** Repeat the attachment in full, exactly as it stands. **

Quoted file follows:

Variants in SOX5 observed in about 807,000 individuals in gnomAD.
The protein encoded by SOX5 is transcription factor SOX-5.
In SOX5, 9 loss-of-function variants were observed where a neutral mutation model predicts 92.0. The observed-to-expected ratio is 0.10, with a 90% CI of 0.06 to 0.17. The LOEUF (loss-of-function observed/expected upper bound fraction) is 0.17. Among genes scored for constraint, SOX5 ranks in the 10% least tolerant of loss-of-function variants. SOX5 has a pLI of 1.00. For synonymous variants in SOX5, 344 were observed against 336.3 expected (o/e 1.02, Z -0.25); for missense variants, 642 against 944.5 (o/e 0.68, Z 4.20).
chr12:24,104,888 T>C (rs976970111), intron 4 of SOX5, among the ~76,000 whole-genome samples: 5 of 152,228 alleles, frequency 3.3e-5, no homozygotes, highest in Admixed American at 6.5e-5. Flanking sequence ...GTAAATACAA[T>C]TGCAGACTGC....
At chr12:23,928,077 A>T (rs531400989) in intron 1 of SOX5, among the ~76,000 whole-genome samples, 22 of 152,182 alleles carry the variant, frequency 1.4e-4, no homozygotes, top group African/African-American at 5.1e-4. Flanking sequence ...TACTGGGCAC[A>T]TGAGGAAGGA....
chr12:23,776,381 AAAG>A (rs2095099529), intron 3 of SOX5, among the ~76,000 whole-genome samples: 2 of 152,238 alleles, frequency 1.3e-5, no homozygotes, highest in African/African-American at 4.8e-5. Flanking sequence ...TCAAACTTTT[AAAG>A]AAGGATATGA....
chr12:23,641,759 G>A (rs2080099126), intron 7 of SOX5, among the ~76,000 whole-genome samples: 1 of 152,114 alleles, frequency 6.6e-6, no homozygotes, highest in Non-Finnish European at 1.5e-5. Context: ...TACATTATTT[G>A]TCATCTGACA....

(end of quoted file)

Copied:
Variants in SOX5 observed in about 807,000 individuals in gnomAD.
The protein encoded by SOX5 is transcription factor SOX-5.
In SOX5, 9 loss-of-function variants were observed where a neutral mutation model predicts 92.0. The observed-to-expected ratio is 0.10, with a 90% CI of 0.06 to 0.17. The LOEUF (loss-of-function observed/expected upper bound fraction) is 0.17. Among genes scored for constraint, SOX5 ranks in the 10% least tolerant of loss-of-function variants. SOX5 has a pLI of 1.00. For synonymous variants in SOX5, 344 were observed against 336.3 expected (o/e 1.02, Z -0.25); for missense variants, 642 against 944.5 (o/e 0.68, Z 4.20).
chr12:24,104,888 T>C (rs976970111), intron 4 of SOX5, among the ~76,000 whole-genome samples: 5 of 152,228 alleles, frequency 3.3e-5, no homozygotes, highest in Admixed American at 6.5e-5. Flanking sequence ...GTAAATACAA[T>C]TGCAGACTGC....
At chr12:23,928,077 A>T (rs531400989) in intron 1 of SOX5, among the ~76,000 whole-genome samples, 22 of 152,182 alleles carry the variant, frequency 1.4e-4, no homozygotes, top group African/African-American at 5.1e-4. Flanking sequence ...TACTGGGCAC[A>T]TGAGGAAGGA....
chr12:23,776,381 AAAG>A (rs2095099529), intron 3 of SOX5, among the ~76,000 whole-genome samples: 2 of 152,238 alleles, frequency 1.3e-5, no homozygotes, highest in African/African-American at 4.8e-5. Flanking sequence ...TCAAACTTTT[AAAG>A]AAGGATATGA....
chr12:23,641,759 G>A (rs2080099126), intron 7 of SOX5, among the ~76,000 whole-genome samples: 1 of 152,114 alleles, frequency 6.6e-6, no homozygotes, highest in Non-Finnish European at 1.5e-5. Context: ...TACATTATTT[G>A]TCATCTGACA....